They’ll add a second screening at 10 if 8pm fills up, so rsvp if you want to guarantee a seat at 8. Oh, and I love you all!



UPDATE 2: So many people have RSVP’ed we’re adding a second show at 9pm. 7pm is full. If you show up at 7 and your name’s not on the list, you can still see the preview at 9. Or there may be some no-shows you can replace.

UPDATE: if you want to attend the New York screening, please RSVP with “Sita NY” in the subject, to:nospam.jpg
Space is limited, and priority will be given to those with names on the list. This is just a sneak preview; the bigger and better genuine premiere will happen in 2008.


New York:

Saturday, November 17, 7:00 pm and 9:00pm
NYU Tisch School of the Arts, room 006 (lower level)
721 Broadway, between Waverly Place and Washington Place
New York City

We’ll screen the whole 82-minute feature on DVD, then the 3-minute 35mm film test of “Battle of Lanka,” so you can see just how gorgeous it looks on film.

San Francisco:

Saturday, December 1, 8:00 pm
Oddball Film
275 Capp Street
San Francisco, CA 94110
$10 donation
RSVP 415.558.8117 or email info at

See the whole 82-minute feature on DVD. We’ll have samosas, T-shirts, and GOOD TIMES.

Both screenings are excellent opportunities for those of you who wish to contribute to the making of the 35mm film print to see what you may be supporting. And hopefully I’ll have fiscal sponsorship by then, meaning any donations (as opposed to loans) will be tax-deductible! Of course I’ll be there, answering questions, hawking art prints and begging for money. FUN!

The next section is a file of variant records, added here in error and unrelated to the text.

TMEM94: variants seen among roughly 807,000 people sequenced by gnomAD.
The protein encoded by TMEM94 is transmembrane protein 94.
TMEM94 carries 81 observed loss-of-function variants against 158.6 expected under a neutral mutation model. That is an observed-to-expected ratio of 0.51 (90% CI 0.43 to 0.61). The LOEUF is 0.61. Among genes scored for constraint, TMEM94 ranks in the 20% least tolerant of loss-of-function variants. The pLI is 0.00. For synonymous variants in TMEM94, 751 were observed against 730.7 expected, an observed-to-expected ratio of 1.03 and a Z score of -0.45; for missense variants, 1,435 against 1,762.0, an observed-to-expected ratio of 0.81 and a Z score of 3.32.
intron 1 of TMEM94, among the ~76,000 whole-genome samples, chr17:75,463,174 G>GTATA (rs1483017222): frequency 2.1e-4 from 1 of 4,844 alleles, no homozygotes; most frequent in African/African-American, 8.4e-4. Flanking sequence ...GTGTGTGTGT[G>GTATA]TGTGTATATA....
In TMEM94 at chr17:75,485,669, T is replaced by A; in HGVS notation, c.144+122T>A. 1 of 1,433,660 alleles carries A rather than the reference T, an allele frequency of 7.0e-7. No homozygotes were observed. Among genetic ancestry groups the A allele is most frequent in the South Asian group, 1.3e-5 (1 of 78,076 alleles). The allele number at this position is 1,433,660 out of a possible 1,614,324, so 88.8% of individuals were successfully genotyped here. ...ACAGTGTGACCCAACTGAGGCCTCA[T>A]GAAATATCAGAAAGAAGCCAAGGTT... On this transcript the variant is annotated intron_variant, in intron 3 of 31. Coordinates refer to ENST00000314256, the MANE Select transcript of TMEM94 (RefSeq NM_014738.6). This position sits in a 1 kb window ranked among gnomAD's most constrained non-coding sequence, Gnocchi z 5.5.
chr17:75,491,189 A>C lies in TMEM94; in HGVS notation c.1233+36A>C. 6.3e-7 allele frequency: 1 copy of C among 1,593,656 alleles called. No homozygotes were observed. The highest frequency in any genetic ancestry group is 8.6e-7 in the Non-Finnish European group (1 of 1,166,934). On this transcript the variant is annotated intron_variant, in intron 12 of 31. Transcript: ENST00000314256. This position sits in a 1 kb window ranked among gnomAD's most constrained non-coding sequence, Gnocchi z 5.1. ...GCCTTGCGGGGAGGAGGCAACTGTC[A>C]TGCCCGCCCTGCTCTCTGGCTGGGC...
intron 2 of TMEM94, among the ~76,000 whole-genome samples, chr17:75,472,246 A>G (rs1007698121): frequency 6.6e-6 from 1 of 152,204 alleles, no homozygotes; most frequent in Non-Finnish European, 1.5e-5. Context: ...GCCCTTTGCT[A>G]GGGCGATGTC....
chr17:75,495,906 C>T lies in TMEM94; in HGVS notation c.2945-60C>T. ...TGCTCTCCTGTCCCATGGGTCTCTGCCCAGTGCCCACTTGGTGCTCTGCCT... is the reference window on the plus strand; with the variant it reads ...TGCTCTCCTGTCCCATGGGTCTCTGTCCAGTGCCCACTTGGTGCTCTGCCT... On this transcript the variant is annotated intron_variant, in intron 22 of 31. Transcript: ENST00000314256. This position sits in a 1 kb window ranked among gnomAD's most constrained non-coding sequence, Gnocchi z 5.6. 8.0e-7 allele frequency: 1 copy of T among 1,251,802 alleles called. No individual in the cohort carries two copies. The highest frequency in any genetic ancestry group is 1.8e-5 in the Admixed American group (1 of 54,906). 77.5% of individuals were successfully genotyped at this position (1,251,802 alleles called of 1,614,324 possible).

Why Film?

Ms. Laaw-yuhr asks a good question: why go through the trouble and expense of putting Sita Sings the Blues on 35mm film?

1. The most prestigious and important film festivals still show only film, not video. The next deadline for the first of these is Berlin, November 1st. If Sita is accepted, she’ll have to be on film by the end of January.

There’s been a huge proliferation of film festivals in recent years, and many do screen video and DVD. But the “big five” (Berlin, Cannes, Venice, Toronto and Sundance) retain a strong preference – if not outright requirement – for film.

2. Professional distributors prefer film, and I hope to attract a distributor.

3. The digital projectors in mainstream theaters use a proprietary codec, as deigned by the Motion Picture Association. Obtaining the license for that codec is expensive.

4. Art houses, the likeliest theatrical destination for “Sita,” seldom have the fancy new digital systems anyway, relying instead on inferior tape and DVD projectors, or good ol’ gorgeous film.

5. Film looks great. And I have designed the entire production with film in mind as the final destination. Everything is 24 frames per second, at a film-worthy resolution.

6. Film is a universal platform that works around the world. Video standards differ from region to region, and digital projection technologies are ephemeral. Since “Sita” is likely to be seen overseas in a variety of countries, including many places that can’t afford the latest digital systems, film is the best vehicle for her.

7. Add your own reason in the comments.